Centre-right Fine Gael, winner of last week’s election and centre-left Labour agree to form a coalition government.
|Ireland’s financial problems prompted it to accept a $94bn bailout package in November last year [Reuters]|
Ireland’s new government has confirmed it will stick to the stringent fiscal targets laid down in a European Union-International Monetary Fund bailout package.
Confirmation followed news the centre-right Fine Gael party, the winner of last week’s election, had concluded a coalition
deal with the Labour party on Sunday.
The two parties had taken divergent views during their electoral campaign on the scale of public-sector cutbacks, the split between taxes and spending cuts and the time frame for cutting the budget deficit to an EU limit of three per cent of gross domestic product.
Following the deal, the parties said they would stick to the fiscal targets, but reiterated in their programme for government their plans to seek a reduction on the bailout’s average 5.8 per cent interest rate.
“We will see very strong fiscal policy in the document which ties us into the parameters laid down by the EU/IMF,
notwithstanding the fact that we want to see that renegotiated,” Phil Hogan, one of the lead coalition negotiators for Fine Gael, told the state broadcaster RTE.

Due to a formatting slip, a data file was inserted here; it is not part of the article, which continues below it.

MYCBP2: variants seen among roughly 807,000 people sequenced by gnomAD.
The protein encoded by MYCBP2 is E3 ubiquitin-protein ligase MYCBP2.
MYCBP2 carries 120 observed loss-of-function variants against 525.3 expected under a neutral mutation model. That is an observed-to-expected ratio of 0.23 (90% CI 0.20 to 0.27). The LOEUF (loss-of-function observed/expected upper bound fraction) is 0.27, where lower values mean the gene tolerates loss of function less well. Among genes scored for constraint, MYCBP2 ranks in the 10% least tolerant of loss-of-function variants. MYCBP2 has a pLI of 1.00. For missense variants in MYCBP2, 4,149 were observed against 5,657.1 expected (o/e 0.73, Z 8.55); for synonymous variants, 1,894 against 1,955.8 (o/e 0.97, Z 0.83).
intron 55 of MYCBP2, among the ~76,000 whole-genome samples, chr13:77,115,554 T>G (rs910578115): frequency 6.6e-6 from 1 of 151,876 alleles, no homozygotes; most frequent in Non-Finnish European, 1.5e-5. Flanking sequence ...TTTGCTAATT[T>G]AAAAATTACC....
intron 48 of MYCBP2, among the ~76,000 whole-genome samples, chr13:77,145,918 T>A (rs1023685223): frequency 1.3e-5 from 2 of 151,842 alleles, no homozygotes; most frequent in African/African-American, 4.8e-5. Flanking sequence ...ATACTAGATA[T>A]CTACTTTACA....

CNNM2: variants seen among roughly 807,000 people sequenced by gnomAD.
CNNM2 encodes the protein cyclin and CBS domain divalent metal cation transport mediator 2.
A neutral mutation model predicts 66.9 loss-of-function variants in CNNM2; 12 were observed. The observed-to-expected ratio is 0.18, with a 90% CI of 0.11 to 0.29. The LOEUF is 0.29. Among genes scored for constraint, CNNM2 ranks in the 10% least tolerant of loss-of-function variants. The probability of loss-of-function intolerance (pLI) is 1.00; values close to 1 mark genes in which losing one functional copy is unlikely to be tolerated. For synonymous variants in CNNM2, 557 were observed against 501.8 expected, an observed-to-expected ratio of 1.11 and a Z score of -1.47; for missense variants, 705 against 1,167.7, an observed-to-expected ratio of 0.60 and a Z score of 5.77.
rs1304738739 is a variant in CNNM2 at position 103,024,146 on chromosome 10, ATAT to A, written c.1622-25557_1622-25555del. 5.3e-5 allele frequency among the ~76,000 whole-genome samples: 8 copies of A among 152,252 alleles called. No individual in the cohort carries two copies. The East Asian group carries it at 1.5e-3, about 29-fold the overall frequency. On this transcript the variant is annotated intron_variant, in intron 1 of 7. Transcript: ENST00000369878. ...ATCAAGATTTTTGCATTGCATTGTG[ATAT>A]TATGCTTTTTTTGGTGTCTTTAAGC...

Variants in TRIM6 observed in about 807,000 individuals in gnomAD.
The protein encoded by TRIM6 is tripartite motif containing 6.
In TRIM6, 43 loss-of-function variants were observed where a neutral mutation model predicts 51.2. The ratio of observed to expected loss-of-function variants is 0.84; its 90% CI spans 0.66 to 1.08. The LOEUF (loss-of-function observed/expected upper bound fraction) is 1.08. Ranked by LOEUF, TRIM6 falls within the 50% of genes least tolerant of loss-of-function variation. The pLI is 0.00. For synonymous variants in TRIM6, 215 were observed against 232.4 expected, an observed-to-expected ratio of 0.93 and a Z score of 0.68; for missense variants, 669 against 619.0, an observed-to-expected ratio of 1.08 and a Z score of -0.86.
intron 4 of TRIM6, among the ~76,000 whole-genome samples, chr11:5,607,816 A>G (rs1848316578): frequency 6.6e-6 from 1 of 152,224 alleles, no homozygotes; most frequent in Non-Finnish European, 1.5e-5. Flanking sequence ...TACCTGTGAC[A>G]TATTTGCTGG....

He said the new government would target 25,000 job cuts in the public sector.
Brendan Howlin, one of the chief negotiators for the Labour party, told RTE: “We have to repair broken bridges across our European partner to build up an understanding of our position.”
In November, Ireland’s financial woes meant it negotiated a potential $94bn line of credit from EU and IMF donors.
A bailout became unavoidable as Ireland’s largely state-owned banks found themselves unable to borrow on open markets and faced insolvency.
Fianna Fail, Ireland’s then governing party, was handed a crushing electoral defeat in polls in February, thought mainly to be due to their handling of the crisis, but the new government has limited room for a change in economic policies.
Sunday’s decision will likely be popular with Ireland’s EU partners and draws a veil over much of the election campaigns’ anti-Europe rhetoric.